What’s common between humans and bacteria? Well, don’t skip this article taking the question is stupid. Apart from having a life, could you think of something else? Put it down in the comment section and yeah, the recent discovery that we have is that the way we humans settle in colonies does not differ from the way bacteria settles.
The more we learn about how these tiny architects build their communities, the more familiar their behavior seems to us.
A recent study reveals that the way multiple individual settlers develop into microcolonies has found growth patterns and dynamics that do not differ from our urban inclinations.
Hyun Koo from the University of Pennsylvania said that they took the ‘satellite-level’ view, following hundreds of bacteria that have distributed on a surface from their initial colonization to biofilm formation. And what we find is remarkable, the spatial and structural features of their growth are analogous to what we see in urbanization.
Bacteria live in complex structures known as biofilms in both natures and our mouths. About 99.9% of prokaryotes live crammed together with millions of other neighbors in one of these settlements.
These biofilms are everywhere. If they are in our mouth, then we refer it to as plaque. This is hard to remove using environmental assaults, like toothpaste, floss or even antibiotics as it is a dense and sticky deposit.
How this occurs is still unexplored.
Using the oral bacterium Streptococcus mutans, researchers have shown that microbial cells settle at random and regardless of the surface type. Only a subset of colonizers cluster, expanding their scope “by amalgamating neighboring bacteria into densely populated microcolonies.” The others are dying or are being engulfed into these microcolonies.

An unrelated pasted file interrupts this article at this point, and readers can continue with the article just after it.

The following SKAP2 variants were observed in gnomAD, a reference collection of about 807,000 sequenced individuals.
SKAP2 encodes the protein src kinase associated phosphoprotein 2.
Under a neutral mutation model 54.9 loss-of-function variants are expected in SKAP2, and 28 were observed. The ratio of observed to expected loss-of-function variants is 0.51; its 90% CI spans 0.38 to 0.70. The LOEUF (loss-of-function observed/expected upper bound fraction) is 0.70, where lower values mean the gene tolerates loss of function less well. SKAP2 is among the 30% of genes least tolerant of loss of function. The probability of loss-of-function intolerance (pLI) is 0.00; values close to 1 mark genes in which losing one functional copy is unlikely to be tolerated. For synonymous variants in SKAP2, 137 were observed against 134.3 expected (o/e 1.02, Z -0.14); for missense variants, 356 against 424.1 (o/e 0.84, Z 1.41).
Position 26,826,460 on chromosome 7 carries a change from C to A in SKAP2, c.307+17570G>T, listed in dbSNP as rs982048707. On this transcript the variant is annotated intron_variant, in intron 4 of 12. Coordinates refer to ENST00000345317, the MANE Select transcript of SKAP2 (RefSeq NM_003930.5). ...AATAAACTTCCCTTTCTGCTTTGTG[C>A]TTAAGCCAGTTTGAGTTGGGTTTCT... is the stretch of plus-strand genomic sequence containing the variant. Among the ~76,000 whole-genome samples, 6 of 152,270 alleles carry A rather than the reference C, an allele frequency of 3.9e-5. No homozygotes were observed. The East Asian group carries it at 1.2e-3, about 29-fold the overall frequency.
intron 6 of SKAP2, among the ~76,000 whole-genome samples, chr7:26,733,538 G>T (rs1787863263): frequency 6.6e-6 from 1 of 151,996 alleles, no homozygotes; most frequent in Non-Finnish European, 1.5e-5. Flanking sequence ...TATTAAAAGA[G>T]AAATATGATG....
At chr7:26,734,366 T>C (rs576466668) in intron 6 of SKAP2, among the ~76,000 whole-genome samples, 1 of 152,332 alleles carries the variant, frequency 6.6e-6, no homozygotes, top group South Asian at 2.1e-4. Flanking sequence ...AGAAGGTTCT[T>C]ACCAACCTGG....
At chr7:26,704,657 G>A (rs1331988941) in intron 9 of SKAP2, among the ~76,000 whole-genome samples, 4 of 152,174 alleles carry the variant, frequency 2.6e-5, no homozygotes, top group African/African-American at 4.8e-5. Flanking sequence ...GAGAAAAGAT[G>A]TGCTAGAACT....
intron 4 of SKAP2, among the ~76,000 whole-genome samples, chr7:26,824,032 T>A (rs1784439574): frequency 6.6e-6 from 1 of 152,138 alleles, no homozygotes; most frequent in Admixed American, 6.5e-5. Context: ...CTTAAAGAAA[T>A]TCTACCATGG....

Something interesting happens once these clusters arise as they interact with one another, growing and organizing into densely populated “micron-scale microcolonies that further expand and merge” to form a biofilm superstructure.
The growth type which shows collective behavior between microorganisms is something similar to that of human urbanization. Some stay static whereas some others grow into villages that further expand into densely populated microcolonies or cities, which then merge into microbial megacities.
There are limits to this idea. Authors aren’t reading these microbes build traffic signs, roads and supply lines, but the general idea is the same, and it can not only help us tackle infections better, but it might also help us build more sustainably.
“It’s a useful analogy, but we should take it with a grain of salt,” Koo says.
“These communities (microcolonies) can expand and merge collaboratively, without competition between adjacent communities,” the authors conclude.
Taking this perspective of biofilm growth gives us a multi-scale, multidimensional picture of how they grow that we’ve not seen before.
The study was published in Nature Communications.